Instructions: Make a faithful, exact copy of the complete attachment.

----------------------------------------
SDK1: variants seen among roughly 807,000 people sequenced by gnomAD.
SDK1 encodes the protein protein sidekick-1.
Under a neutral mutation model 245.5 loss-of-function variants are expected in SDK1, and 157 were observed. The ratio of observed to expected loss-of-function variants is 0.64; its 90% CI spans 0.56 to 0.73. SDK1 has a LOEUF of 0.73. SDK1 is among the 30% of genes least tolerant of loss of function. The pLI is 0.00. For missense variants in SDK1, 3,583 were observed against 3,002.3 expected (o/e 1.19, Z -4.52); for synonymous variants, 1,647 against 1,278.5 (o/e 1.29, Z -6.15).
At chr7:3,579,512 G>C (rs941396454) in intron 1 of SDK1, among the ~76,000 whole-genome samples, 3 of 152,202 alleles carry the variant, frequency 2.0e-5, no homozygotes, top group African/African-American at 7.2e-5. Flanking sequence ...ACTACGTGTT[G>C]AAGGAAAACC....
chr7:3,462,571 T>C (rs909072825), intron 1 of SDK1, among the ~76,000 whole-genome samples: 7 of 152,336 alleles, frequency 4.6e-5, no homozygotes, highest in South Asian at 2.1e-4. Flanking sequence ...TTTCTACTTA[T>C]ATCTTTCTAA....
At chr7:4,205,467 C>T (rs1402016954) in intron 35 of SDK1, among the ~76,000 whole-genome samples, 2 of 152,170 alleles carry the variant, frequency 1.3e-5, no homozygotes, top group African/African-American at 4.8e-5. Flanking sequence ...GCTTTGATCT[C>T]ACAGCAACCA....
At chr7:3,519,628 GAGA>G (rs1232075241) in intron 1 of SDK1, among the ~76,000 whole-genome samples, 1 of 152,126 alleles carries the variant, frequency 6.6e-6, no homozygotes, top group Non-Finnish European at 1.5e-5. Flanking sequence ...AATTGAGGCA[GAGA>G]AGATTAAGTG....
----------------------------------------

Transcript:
SDK1: variants seen among roughly 807,000 people sequenced by gnomAD.
SDK1 encodes the protein protein sidekick-1.
Under a neutral mutation model 245.5 loss-of-function variants are expected in SDK1, and 157 were observed. The ratio of observed to expected loss-of-function variants is 0.64; its 90% CI spans 0.56 to 0.73. SDK1 has a LOEUF of 0.73. SDK1 is among the 30% of genes least tolerant of loss of function. The pLI is 0.00. For missense variants in SDK1, 3,583 were observed against 3,002.3 expected (o/e 1.19, Z -4.52); for synonymous variants, 1,647 against 1,278.5 (o/e 1.29, Z -6.15).
At chr7:3,579,512 G>C (rs941396454) in intron 1 of SDK1, among the ~76,000 whole-genome samples, 3 of 152,202 alleles carry the variant, frequency 2.0e-5, no homozygotes, top group African/African-American at 7.2e-5. Flanking sequence ...ACTACGTGTT[G>C]AAGGAAAACC....
chr7:3,462,571 T>C (rs909072825), intron 1 of SDK1, among the ~76,000 whole-genome samples: 7 of 152,336 alleles, frequency 4.6e-5, no homozygotes, highest in South Asian at 2.1e-4. Flanking sequence ...TTTCTACTTA[T>C]ATCTTTCTAA....
At chr7:4,205,467 C>T (rs1402016954) in intron 35 of SDK1, among the ~76,000 whole-genome samples, 2 of 152,170 alleles carry the variant, frequency 1.3e-5, no homozygotes, top group African/African-American at 4.8e-5. Flanking sequence ...GCTTTGATCT[C>T]ACAGCAACCA....
At chr7:3,519,628 GAGA>G (rs1232075241) in intron 1 of SDK1, among the ~76,000 whole-genome samples, 1 of 152,126 alleles carries the variant, frequency 6.6e-6, no homozygotes, top group Non-Finnish European at 1.5e-5. Flanking sequence ...AATTGAGGCA[GAGA>G]AGATTAAGTG....